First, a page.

ment ot governmental patronage for party
purposes; we protest against the use ol public
offices tn reward political friends or to punish
political enemies; we ore in favor of the i
adoption of a thorough system of civil service ,
reform: ano we demand a return to the early ?
practice under our government of appointing ,
men lo office on the ground of their fitness i
only, and of coniinuing them there while they ,
are honest and efficient. <
Resolved, That national taxes, whether col- ,
lecied under an excise or tariff act, should be i
Imposed for revenue only, and not lor what is i
called protection; and that all trade or ex- ,
c.iange should be as free as. the necessity of
tlie government for revenue will permit.
Resolved, Thal an act whereby the promise
of a dollar Is made a legal tender in place of a
true dollar can only be defended as a necessi?
ty ol war. and that Justice demands the re?
demption ol ihe promise, and that tue stand?
ard of value may be true and Just, and that
the honor ol the nation may be maintained. 1
Resolved, That undue devotion to party has 1
already greatly damaged the republic, and we
now engage ourselves to discountenance, In
every possible way, the despotism of party or?
ganization, and the abject submission ot 1
voters to the dictates of party politicians.
Resolved, That Horace Greeley does not 1
represent these principles, but has been a life?
long opponent of the most essential of them.
Resolved, That we, therefore, reject his nom?
ination as we reject that ol' General Grant.
Resolved, That we recogolze in William S.
Groesbeck, ol Ohio, and Frederick Law Olm?
sted, of New York, men fully In accord with
our principles, and of such character and
ability as io be worthy ol the confidence of ihe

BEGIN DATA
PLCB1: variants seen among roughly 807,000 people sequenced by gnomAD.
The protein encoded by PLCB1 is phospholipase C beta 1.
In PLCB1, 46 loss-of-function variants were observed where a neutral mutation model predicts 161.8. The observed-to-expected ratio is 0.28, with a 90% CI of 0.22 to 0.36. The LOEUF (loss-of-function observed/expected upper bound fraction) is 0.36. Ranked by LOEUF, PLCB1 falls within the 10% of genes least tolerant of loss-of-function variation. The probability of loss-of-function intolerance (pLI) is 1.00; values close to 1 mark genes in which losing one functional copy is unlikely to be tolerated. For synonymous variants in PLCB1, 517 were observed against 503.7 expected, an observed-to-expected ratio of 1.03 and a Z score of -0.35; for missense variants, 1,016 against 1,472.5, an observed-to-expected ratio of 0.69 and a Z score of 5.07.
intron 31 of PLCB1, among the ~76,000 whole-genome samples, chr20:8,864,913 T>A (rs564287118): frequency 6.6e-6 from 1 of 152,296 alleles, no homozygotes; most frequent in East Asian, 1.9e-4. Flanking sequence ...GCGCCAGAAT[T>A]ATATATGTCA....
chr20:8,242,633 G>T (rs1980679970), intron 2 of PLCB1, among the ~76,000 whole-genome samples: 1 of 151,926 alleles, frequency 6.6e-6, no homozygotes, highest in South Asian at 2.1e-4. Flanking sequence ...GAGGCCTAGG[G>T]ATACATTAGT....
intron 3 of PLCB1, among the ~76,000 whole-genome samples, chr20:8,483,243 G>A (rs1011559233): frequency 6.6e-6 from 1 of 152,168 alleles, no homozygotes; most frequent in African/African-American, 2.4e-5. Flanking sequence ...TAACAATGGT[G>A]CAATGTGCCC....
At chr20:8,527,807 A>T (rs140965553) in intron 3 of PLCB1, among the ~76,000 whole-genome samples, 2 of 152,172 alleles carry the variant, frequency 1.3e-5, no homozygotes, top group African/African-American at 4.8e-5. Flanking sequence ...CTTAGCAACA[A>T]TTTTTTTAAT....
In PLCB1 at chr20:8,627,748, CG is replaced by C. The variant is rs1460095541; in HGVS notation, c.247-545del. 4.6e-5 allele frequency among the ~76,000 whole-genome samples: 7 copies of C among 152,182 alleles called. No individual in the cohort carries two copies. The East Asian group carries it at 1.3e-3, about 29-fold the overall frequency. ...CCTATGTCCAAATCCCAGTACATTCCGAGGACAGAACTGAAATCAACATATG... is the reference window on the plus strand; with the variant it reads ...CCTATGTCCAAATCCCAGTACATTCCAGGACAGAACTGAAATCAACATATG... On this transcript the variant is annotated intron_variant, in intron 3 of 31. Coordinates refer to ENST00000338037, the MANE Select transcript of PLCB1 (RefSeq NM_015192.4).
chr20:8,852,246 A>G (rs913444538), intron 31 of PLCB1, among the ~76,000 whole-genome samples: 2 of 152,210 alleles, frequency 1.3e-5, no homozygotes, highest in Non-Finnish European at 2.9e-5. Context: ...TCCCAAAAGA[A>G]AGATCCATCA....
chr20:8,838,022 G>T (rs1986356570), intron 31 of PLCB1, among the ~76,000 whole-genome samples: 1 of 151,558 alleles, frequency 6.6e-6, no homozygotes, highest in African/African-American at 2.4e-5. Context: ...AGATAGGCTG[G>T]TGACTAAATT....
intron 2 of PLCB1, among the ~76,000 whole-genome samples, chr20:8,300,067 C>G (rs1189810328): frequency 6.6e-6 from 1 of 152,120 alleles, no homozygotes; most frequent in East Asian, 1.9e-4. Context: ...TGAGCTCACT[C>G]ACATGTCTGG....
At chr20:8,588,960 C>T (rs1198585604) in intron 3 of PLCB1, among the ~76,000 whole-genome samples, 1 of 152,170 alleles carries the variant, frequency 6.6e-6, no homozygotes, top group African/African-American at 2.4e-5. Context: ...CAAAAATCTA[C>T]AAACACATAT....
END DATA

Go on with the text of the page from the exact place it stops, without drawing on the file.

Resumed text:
American people; and that we recommeud
them lo all patriotic, Independent and liberal
voters for their support at the coming Presi?
Who and What they Are.
Mr. Groesbeck-was born In New York about
the year 182G; studied law and removed to
Cincinnati, where be engaged in the practice
of his profession. He was elected to the 35th
Congress from Ohio, serving on the commit?
tee of loreign affairs, was a member ol the
Peace Congress ol' 1861, und in 1862 was elect?
ed to the Senate of Ohio. Since then he hus
figured with success at ihe bar, and, ii will be
remembered, greatly distinguished himself by
the ability of his plea for Andrew Johnson on
the Impeachment trial. He wus much disap?
pointed by" the failure to gat a place,
either first or second, on the Cincinnati ticket;
but he was not backed In his aspirations by
his own State. He is wealthy, penurious,
lrlgld In manner, and ia not personally pop?
Frederic Law Olmsted ls known mainly as
the engineer of the New York Central Park.
He was a member of the sanitary commission
during the war, and is nowa commissioner for
t he National Park or California, which includes
Yosemite Valley, the Big Trees, Ac. He first
came before the public a? the writer of a pleas?
ant book of pedestrian travel, entitled
"Walks and Talks of an American Farmer In
Deserting the sinking Ship.
NEW YORK, June 24.
Frederick Law Olmsted declines the candi?
dature for the Vice-Preeidenoy of the United
States tendered him by the supplemental
Fifth avenue conterence.
The Labor Convention Nominees.
BOSTON, June 24.
It ls understood that Mr. Chamberlain, the
president of the Columbns Convention, has
officially notified Judge Davis and Joel Parker
of their nomination for President and vice
President, and invited them to a conference
in New York In July.
TBE COTTON OUTLOOK.
Condition and Tone of the New York
The Financial Chronicle makes the following
report under date of June 21st:
The market bas been without any notewor?
thy feature during t he past week. Prices have
remained stationary under a moderate export
and spinning demand. Stocks are now re?
duced to small limits, and yet holders appear
willing to let lt out to supply the current de
mond at present high prices, as crop accounts
continue favorable and Liverpool and Man?
chester reporls have been less satisfactory.
For forward delivery the fluctuations have
been frequent though slight, with the specu?
lative tone feverish. The possibility of a cor?
ner is always hanging over the market, mak
ineltvory sensitive, and hence every slight
Influence makes Its mark fiTlhe quotations.
The prices for futures last reported wereTUMai